* You can easily build graphic interfaces for all your
 * projects by simply dragging and dropping widgets.
 *
 *   Downloads, docs, tutorials: http://www.blynk.cc
 *   Blynk community:            http://community.blynk.cc
 *   Social networks:            http://www.fb.com/blynkapp
 *                               http://twitter.com/blynk_app
 *
 * Blynk library is licensed under MIT license
 * This example code is in public domain.
 *
 **************************************************************
 * This example runs directly on ESP8266 chip.
 *
 * You need to install this for ESP8266 development:
 *   https://github.com/esp8266/Arduino
 *
 * Please be sure to select the right ESP8266 module
 * in the Tools -> Board menu!
 *
 * Change WiFi ssid, pass, and Blynk auth token to run :)
 *
 **************************************************************/

#define BLYNK_PRINT Serial    // Comment this out to disable prints and save space
#include <ESP8266WiFi.h>
#include <BlynkSimpleEsp8266.h>
#include <SimpleTimer.h>
#include <Wire.h>
#include <BaroSensor.h>
#include "DHT.h"
#include <RCSwitch.h>
#define DHTPIN 10
#define DHTTYPE DHT22

DHT dht(DHTPIN,DHTTYPE,11);
RCSwitch mySwitch = RCSwitch();
WidgetLCD lcd(V11);
const int rainGauge = 12;   //Pin for rain gauge which has a resolution of .15mm
const int ledPin = 4;
float rainAmount = .3;     //variable to hold .3mm when bucket tips
float totalAmount;          //variable to hold total amount of rain that has fallen
long rssi;  //radio signal strength indicator
String mymin = " minutes";

char auth[] = "XXXXXXXXXXXXX";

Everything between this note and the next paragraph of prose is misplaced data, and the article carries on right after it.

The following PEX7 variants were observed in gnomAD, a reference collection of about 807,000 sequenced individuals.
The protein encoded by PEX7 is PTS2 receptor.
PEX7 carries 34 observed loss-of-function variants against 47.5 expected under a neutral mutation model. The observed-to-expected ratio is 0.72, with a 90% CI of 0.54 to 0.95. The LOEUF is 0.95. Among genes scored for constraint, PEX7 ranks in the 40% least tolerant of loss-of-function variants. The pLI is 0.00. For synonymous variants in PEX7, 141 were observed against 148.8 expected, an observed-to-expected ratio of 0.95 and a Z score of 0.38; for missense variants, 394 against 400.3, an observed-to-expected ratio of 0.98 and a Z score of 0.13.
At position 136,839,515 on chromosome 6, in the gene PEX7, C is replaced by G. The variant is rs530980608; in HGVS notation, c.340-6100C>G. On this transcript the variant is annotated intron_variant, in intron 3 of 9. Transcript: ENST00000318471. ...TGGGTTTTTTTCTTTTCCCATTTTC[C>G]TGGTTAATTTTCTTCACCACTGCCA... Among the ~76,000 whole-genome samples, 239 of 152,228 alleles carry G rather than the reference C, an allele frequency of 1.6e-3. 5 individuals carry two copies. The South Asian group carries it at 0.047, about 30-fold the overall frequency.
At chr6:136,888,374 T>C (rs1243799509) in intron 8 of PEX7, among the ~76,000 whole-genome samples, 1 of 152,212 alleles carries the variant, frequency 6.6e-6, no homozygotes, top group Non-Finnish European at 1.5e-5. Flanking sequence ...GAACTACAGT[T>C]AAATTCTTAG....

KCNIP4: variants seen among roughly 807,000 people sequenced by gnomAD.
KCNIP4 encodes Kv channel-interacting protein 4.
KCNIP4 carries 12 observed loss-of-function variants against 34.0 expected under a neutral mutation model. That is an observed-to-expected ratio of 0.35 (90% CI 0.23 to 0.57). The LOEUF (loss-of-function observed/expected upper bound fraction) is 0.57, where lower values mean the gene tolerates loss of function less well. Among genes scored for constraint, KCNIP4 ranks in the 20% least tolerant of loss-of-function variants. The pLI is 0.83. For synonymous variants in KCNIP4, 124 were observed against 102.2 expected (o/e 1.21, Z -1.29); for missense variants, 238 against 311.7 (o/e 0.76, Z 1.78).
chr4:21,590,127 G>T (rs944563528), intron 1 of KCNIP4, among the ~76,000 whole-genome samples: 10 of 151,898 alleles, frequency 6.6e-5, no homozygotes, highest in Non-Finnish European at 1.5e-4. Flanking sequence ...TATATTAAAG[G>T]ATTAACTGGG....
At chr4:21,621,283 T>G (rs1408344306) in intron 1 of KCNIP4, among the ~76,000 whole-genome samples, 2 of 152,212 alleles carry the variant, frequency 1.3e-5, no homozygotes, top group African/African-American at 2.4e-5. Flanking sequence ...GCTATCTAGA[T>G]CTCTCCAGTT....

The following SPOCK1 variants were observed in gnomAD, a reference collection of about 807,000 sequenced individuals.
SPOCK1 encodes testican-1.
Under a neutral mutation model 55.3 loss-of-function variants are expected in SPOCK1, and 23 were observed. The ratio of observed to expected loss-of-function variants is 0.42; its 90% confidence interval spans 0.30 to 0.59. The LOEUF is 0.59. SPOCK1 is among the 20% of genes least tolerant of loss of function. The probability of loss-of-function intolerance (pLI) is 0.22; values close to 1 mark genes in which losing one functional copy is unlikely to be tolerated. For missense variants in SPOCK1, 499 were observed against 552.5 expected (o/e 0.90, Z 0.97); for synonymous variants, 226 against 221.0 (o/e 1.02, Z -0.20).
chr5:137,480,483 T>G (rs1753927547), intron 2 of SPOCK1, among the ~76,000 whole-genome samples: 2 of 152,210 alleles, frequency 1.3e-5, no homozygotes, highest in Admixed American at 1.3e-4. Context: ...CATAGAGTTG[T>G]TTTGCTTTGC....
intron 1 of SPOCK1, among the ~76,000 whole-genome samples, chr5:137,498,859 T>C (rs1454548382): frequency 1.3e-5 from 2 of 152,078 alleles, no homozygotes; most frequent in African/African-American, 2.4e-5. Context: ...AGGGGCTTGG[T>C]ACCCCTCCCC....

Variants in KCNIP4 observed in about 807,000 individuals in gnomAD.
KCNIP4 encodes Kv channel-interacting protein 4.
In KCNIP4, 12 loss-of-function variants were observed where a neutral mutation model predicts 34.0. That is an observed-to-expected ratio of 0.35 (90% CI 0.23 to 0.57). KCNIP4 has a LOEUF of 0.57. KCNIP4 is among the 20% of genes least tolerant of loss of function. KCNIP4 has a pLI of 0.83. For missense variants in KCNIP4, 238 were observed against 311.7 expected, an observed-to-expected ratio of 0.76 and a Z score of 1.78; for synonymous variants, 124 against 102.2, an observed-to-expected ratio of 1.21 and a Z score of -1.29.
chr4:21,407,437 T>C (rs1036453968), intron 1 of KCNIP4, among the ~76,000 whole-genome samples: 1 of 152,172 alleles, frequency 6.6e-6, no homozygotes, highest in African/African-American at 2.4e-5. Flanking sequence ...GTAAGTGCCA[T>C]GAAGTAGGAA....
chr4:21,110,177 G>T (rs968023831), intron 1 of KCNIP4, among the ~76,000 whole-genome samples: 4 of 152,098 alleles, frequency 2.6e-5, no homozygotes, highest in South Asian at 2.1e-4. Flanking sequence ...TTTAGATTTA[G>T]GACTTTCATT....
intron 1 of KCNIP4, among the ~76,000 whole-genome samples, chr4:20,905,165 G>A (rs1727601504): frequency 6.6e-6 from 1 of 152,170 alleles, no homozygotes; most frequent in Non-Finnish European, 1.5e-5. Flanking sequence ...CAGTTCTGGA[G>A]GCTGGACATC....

char ssid[] = "NotTelling";  // Your WiFi credentials.
char pass[] = "NorHere";     // Set password to "" for open networks.

SimpleTimer timer;


void setup()
{
  attachInterrupt(rainGauge, rain, RISING); //interrupt to catch pulses sent from rain gauge
  Serial.begin(9600); 
  Wire.begin(2,14);  //I2C pins for barometer
  BaroSensor.begin();
  dht.begin();
  mySwitch.enableTransmit(0); // Transmitter is connected to ESP8266 Pin #0
  Blynk.begin(auth, ssid, pass);
  while (Blynk.connect() == false) { 
  // Wait until connected
  }
    pinMode(ledPin, OUTPUT);
    pinMode(rainGauge, INPUT_PULLUP);
    timer.setInterval(10000L, sendAllData); // set interval and function to call
    timer.setInterval(1000L, sendUptime);   // set interval and function to call
    timer.setInterval(1000L,rainupDate);    // set interval (1sec) to read rain gauge totals and send to Blynk app
}

void rainupDate(){
  Blynk.virtualWrite(V13,totalAmount); // send rain amount to Blynk app
}

void sendAllData(){  // this function sends all sensor data to Blynk app
    float temp = BaroSensor.getTemperature();
    int newtemp = ((temp + 0.05) * 10);
    temp = (newtemp / 10.0);   //returns temperature to 1 decimal place
    float pr = BaroSensor.getPressure();
    float p = pr + 50;        //adjust barometer value for height above sea level
    float h = dht.readHumidity();
    int lightReading = analogRead(A0);
    int light = map(lightReading,0,1023,0,100);   //Set the light reading to a pecentage of 100 with a 100% being full sun
    if (isnan(h)) 
      {
        Serial.println("Failed to read from DHT sensor!");
        return;
      }

    if(!BaroSensor.isOK()) 
      {
        Serial.print("Sensor not Found/OK. Error: "); 
        Serial.println(BaroSensor.getError());